The third book, “DOGgone CATastrophe,” encourages fostering of shelter pets and was released in October 2019. All stories explore the adventures of five girls and their pet cat, Hubble, at fictional Earhart Elementary located in the non-fictional central Illinois community of Normal, Ill.
Each book explores a different social issue the girls care passionately about and want to help solve. Lucy Monroe and her older sister, Marina, are the new kids in school. The series’ characters each bring a unique STEM talent to the group: Lucy, a 4th grader, is passionate about saving wildlife, even though she doesn’t know what she wants to be when she grows up.
Her 6th grade sister, Marina, is an athlete who dreams of becoming a Martian astronaut. Musically talented fourth-grader Zara “Zeke” Kumar sings in her portable microphone and is a math whiz. Sofia Martinez is an aspiring computer coder and artist who designs fashion apps, while the youngest character, A.J. Jones, loves to build and fix machines and dreams of becoming a robotics engineer.
The gang’s mascot is a snarky Himalayan kitty named, “Hubble,” who thinks he’s smarter than humans, based on the Lareaus’ real cat Hubble, who passed away a couple months ago at age 12.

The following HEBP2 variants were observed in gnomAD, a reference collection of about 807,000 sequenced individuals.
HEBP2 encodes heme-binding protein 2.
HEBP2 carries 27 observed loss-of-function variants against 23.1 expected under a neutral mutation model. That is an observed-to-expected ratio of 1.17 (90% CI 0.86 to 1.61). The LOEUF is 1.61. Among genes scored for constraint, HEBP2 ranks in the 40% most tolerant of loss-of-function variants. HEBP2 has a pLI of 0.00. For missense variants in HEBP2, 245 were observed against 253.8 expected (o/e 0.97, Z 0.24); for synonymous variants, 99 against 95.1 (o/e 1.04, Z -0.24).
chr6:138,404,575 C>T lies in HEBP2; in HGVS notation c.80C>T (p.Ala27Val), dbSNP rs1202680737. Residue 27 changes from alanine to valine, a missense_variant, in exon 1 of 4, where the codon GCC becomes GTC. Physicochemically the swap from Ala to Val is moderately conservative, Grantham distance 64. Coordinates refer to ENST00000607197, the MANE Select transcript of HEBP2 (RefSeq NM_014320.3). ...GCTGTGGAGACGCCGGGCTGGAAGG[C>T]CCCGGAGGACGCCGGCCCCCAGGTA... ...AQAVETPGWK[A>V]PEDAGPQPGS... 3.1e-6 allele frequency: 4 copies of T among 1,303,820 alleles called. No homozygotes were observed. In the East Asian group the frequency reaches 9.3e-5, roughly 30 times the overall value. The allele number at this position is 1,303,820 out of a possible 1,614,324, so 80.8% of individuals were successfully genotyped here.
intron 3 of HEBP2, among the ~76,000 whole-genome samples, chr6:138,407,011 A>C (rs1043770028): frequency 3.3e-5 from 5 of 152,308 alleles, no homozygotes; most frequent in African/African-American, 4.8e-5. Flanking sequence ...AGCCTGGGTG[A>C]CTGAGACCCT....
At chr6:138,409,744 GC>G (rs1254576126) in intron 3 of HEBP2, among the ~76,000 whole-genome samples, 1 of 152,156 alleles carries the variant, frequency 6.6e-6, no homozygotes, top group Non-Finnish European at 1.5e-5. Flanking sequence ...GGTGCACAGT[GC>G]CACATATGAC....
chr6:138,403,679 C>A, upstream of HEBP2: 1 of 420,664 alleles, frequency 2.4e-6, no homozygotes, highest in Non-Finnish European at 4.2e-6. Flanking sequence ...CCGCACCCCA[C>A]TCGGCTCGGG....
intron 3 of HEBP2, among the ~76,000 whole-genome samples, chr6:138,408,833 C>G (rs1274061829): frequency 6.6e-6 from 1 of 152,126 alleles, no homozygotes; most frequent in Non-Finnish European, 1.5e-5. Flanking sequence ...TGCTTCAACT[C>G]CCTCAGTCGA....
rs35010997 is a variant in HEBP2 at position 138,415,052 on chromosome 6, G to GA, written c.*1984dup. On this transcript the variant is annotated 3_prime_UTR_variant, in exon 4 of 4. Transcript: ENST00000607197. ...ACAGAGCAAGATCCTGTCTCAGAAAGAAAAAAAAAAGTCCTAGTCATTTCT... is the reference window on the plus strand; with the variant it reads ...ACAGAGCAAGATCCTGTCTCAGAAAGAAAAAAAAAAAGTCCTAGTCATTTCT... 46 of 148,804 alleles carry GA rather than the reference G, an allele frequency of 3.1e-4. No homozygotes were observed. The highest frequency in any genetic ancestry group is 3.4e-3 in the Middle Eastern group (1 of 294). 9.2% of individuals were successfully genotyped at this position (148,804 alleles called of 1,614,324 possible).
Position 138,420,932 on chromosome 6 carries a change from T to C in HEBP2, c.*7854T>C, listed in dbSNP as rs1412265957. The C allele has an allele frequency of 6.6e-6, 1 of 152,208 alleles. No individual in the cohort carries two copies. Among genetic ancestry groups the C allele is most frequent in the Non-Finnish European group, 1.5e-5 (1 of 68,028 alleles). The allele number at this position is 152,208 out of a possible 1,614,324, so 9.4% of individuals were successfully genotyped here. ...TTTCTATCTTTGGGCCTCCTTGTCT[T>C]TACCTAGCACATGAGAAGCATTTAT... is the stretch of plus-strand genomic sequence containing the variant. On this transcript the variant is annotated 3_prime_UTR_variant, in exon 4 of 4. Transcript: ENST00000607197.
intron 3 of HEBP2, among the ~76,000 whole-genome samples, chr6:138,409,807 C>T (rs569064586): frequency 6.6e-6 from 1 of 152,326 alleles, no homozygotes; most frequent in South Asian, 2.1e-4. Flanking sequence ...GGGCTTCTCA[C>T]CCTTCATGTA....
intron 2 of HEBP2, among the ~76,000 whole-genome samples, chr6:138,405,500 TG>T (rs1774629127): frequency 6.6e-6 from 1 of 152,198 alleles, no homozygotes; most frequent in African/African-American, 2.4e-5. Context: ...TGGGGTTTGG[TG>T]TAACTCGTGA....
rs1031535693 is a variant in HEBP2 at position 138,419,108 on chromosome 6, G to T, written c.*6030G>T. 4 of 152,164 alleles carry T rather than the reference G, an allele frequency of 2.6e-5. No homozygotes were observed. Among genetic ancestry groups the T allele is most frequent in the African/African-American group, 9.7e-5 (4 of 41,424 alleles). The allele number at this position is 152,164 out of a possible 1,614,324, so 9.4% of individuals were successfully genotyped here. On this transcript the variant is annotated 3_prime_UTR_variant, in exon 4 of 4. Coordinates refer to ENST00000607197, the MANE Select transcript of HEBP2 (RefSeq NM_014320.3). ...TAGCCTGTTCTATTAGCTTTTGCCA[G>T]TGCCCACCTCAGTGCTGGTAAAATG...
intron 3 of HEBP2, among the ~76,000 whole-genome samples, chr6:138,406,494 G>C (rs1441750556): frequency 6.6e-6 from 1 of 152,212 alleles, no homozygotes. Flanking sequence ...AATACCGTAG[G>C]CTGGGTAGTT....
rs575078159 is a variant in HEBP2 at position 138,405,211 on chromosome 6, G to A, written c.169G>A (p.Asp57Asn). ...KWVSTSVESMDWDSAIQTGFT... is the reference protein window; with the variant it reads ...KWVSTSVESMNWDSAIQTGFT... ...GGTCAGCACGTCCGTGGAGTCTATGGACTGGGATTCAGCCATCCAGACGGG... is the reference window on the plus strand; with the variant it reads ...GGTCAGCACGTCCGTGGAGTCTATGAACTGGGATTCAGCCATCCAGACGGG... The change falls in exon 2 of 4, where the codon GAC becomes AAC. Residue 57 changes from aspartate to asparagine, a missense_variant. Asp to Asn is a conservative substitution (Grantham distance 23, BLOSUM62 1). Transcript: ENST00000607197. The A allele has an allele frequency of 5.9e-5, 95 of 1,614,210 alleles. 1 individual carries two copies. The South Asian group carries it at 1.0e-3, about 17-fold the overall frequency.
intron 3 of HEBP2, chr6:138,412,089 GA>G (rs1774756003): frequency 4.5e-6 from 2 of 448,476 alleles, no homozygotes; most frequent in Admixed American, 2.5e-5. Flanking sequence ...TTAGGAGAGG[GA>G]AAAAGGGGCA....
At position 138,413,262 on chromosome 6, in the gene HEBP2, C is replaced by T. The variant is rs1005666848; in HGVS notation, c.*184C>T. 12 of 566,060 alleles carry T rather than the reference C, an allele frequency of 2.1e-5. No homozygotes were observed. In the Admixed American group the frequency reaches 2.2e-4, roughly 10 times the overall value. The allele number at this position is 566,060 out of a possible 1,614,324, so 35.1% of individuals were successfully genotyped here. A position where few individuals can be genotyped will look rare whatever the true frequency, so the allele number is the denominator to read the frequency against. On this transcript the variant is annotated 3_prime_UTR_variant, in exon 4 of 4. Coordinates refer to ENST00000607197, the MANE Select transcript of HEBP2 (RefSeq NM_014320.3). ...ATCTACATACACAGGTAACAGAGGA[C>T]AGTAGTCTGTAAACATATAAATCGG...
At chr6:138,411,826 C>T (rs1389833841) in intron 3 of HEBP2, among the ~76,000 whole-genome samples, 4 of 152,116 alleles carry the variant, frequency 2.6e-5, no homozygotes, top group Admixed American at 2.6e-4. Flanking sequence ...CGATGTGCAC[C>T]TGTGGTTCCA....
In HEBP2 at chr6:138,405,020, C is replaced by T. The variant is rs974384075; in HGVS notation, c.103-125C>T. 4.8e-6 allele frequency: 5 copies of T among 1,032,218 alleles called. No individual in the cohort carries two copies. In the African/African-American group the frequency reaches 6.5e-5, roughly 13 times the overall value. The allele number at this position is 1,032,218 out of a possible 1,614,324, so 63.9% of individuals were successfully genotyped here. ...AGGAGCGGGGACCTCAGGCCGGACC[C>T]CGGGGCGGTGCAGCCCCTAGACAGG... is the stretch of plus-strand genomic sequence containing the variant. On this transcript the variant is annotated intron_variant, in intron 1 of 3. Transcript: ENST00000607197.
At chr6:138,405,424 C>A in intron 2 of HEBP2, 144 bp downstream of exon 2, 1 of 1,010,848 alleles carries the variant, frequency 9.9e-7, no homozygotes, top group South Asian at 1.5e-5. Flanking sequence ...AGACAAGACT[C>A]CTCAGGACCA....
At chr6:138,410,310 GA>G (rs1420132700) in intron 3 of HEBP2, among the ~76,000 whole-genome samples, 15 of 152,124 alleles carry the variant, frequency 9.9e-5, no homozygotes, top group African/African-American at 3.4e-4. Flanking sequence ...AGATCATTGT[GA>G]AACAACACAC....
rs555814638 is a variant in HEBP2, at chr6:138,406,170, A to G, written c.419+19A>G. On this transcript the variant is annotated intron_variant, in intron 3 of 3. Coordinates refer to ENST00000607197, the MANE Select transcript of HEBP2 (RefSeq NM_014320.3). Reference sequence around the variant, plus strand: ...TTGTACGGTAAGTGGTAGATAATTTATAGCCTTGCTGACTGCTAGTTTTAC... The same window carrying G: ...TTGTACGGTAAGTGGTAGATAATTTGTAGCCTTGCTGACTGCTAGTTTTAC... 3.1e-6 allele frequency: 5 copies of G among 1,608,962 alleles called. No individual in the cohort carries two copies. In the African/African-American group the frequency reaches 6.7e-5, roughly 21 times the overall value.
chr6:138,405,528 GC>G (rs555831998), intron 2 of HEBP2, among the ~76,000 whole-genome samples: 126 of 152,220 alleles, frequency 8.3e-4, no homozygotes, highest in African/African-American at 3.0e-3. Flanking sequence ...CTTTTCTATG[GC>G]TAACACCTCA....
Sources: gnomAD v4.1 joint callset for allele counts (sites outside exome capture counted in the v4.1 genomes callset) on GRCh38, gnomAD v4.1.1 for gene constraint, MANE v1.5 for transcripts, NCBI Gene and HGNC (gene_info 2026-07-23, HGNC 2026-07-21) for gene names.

In volume 1, on the first day of school, Lucy launches herself off the rusty monkey bars, which break, and she falls flat on her face. The principal closes the aging playground and the school bullies are mad. What’s a new girl to do?
The first book in the series was released July 31, 2018 (when Lucy was 12) and premiered at the American Booksellers Association Children’s Institute that June in New Orleans. And on that conference’s heels in the same city, the Lareaus served on a girl-power graphic-novel panel at the American Library Association’s annual conference and exhibition.
A fan of graphic novels by female authors such as Raina Telgemeier and CeCe Bell, Lucy first got the idea for her books when she was 8 years old and wanted to encourage other girls to pursue the STEM-related career fields (science, technology, engineering and math) she was into.
“I loved math,” she has said. “I wanted to do something about it. Like my brother — when I was really little, he made a ‘Lucy Be Quiet’ machine. It didn’t work. Hopefully, this works.”